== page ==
Friday, 10 June 2011

Final report to Literature Wales


Working in the cafe on Consitution Hill - they have soya milk, yay!

I've just submitted my final report to Literature Wales as part of the requirements for the bursary they awarded me to work on my current novel Soft Collisions. My previous report can be read here and includes lots of background information on the novel.

Since my last report I have been doing lots of further editing and corrections (how did I miss those handful of pesky typos even after re-reading the whole thing twice?). It has also been looked over by an editor and we had a profitable discussion yesterday about some further changes to consider. Some I agree with completely, and they are hopefully straightforward and fairly easy to implement. Others are interesting twists or changes that I am going to think about in more detail before making any radical alterations.



I think my next stage is to get some readers reports, to see how the novel works at an emotional and surface-structural level for a reader. I will include a questionnaire at the end asking about the specific issues and questions I have identified in order to gather a body of feedback before making final decisions on other possible changes. At the end of the day it is the response of readers which dictates the success of any writing project. If you might be interested in reading it let me know! I have three takers already.

Since I'm talking about the novel, here is the opening scene, set during a long, hot, dusty Manchester summer. (Best served with cold lager).

___

Alex was sitting on the other 'side' of the table from Anne, both of them looking through a window of the Lass O'Gowrie on Charles Street, watching people walking past. People who smiled and looked radiant in the bleaching sunlight.

Neither Anne nor Alex smiled. They looked like they had just been to a funeral.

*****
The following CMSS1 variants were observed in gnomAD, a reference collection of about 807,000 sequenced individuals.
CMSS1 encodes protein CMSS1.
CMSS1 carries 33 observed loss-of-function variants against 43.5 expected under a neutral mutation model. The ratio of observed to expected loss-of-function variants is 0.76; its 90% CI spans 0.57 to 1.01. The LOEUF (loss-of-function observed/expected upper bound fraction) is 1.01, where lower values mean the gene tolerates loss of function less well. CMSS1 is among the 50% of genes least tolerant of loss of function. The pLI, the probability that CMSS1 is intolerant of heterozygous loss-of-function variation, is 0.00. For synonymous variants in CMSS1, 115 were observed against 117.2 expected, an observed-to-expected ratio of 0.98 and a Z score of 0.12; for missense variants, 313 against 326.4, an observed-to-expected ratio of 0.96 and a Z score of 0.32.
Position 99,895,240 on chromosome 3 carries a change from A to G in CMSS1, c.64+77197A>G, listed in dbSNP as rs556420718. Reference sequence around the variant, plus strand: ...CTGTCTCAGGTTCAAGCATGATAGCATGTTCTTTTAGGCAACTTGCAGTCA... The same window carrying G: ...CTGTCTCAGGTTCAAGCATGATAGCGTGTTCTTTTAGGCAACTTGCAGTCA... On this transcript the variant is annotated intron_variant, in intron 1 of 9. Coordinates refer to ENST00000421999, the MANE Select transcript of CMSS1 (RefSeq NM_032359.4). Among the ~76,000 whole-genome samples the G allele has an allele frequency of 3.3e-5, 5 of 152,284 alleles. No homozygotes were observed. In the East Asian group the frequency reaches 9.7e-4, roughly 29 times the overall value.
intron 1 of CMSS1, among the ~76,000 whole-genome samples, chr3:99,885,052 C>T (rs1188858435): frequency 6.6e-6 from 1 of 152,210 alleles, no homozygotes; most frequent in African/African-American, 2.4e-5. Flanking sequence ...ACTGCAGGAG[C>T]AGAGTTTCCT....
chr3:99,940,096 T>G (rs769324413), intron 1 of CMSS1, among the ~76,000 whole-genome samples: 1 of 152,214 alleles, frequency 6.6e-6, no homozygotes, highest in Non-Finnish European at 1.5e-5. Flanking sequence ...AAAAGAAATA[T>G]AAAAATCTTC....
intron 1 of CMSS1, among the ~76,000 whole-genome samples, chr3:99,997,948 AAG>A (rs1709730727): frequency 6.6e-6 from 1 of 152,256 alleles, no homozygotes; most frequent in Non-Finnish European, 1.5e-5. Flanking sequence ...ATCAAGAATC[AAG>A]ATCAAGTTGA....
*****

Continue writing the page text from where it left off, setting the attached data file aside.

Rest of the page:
Alex liked this pub. The signs outside read 'The World Famous Lass O' Gowrie Manchester's original brew house'; 'Fine ales brewed on the premises'; and 'Here was the site of Manchester's oldest pissotière. Last used AD 1896.' Any place that made a combined virtue of function, history, and biological necessity, could not be all bad.

He ran a finger around the inside of his shirt collar, separating it from his sweaty neck.

"Would you like another drink, Anne?"

"No. No thanks, I mean. I should be getting back." She had been hasty with the 'no', as if she was horrified at the thought of staying for another half-hour.

"I thought we were having an evening out together tonight?"

"Oh, well, maybe we can skip it this time?"

The pub was almost empty at the moment. Lifeless, quiet, still. A bit like this relationship, Alex thought. There were a lot of awkward silences this evening.

"Yes, okay. I'm sorry, I'm not good company tonight am I?" he sighed.

"It's not just you, it's... I don't know, it feels different doesn't it?"

"Different from when we first started going out?"

"Yes."

"You're right of course. You'd have to be blind not to notice it. But why? Did I do something wrong? I think of what fun we used to have, and can't think of a single thing that has started to sour it. It drives me potty."

"Ha! So you have noticed it too! I wasn't sure, you're so head-in-the-clouds sometimes, like everything just goes on normally... I didn't know how to mention that we weren't having fun together anymore."

"Well, you have now. It's probably best to be open," Alex said with resignation.

For the first time since entering the pub Anne was smiling. It was not the full-illumination smile Alex used to see. This one started at the mouth right enough, the shapely mouth perched above a small chin that made her look like a pretty doll: but the smile didn't reach those almond eyes he'd been so attracted to four months ago. They certainly weren't sparkling behind her delicate glasses today.